On the other corner there was a Baptist church which eventually merged with another Baptist church to form South San Baptist Church, located up the street on Main Ave. When the church vacated its building, a business was established there called Academy Store. That was the company’s second store; the first one was located on South Flores and Nogalitos and was called Army Surplus Academy. It is reported that these stores are the first two of the now nation-wide chain, Academy.
At one time, there was a round-about where the three streets of Nogalitos, Zarzamora – which was a dirt road – and New Laredo Hwy met. Some businesses in the area used the word “Circle” as part of their names, like Circle Cleaners, which closed this past year after having been in operation by the Lozano family since before WWII.
As with most small town communities, perhaps more so than today, religion was an integral part of South San Antonio. From east to west on or near Main Ave were a Catholic Church, a Baptist Church, a Church of Christ, an Assembly of God Church, and a Methodist Church. The religious community was very supportive of the young people and hosted many diversions for them. In the 60s, scores of servicemen attended South San Baptist Church, and every Sunday night, dozens of them were baptized.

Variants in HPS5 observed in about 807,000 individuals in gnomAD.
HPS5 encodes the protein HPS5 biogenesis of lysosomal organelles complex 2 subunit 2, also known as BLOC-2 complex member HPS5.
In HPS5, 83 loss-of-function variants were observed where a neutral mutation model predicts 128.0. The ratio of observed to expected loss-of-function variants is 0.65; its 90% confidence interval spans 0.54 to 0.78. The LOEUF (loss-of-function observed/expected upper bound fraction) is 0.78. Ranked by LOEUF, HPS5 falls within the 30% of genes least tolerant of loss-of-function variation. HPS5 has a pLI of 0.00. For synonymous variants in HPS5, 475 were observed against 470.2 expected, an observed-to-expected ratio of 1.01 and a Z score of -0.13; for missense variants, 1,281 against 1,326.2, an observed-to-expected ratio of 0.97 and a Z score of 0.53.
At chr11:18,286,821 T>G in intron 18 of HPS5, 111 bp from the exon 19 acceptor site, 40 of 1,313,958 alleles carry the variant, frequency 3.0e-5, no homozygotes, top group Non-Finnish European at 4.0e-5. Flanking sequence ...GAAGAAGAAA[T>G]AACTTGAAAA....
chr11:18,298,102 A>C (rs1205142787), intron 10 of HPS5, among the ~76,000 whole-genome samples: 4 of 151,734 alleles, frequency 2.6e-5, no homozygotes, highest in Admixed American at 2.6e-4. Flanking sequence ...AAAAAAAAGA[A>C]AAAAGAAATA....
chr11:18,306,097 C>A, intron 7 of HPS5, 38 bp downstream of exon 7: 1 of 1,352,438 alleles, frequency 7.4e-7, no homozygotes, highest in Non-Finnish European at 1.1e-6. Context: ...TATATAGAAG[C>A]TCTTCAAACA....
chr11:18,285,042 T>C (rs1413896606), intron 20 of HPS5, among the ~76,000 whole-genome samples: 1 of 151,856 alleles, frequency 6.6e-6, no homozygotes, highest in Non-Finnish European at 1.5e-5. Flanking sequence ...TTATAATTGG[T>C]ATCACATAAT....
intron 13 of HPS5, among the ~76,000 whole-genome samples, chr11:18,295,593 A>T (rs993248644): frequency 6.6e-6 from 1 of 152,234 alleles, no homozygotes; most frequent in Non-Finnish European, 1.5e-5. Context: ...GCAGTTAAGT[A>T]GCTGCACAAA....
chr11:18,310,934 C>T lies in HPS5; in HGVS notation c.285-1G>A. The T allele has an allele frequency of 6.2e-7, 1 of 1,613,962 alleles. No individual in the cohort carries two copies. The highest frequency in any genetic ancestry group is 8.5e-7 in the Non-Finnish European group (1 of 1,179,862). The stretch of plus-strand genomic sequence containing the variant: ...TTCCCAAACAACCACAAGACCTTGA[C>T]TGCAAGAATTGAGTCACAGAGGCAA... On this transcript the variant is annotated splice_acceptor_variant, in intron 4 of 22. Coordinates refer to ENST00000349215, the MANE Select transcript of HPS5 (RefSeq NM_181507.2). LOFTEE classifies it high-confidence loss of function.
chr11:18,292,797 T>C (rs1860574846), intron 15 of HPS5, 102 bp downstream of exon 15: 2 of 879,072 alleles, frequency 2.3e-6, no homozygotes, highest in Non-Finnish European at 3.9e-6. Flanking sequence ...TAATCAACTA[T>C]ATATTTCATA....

At the northeast corner of SW Military Dr and Bynum was Arbor Beach. There was an artesian reservoir there, complete with a diving board, where area folks went to swim. It was made for the Belgium farmers who lived in the area. It is said that a canal ran along Military Dr to Somerset Rd for the Belgium farmers to irrigate out of. In those days, Military Drive was a gravel road. Children of the Belgium farmers recall swimming in the reservoir at the lunch break after a morning’s work in the vegetable fields and flower gardens. There were also Japanese farmers in the area. The families of Yamaguchi, Verstuyft, Persyn, and Lassere name just a few.
The Humble Refinery – with a camp located on Quintana Rd – and the Missouri/Pacific Railroad were other important places of employment. In 1937, the “Round House” of the railroad facility burned. Subsequently, in 1948, the railroad shops moved to Palestine, and the refinery moved to Baytown in 1950; so, Kelly Field then became the main source of work.
One block east of the intersection of Quintana Rd and Main Ave was the entrance to East Kelly, so named in honor of 2nd Lieutenant George Edward Maurice Kelly. The story goes that Lt. Kelly crashed his plane while attempting to land on an inadequate runway at Fort Sam Houston in May of 1911.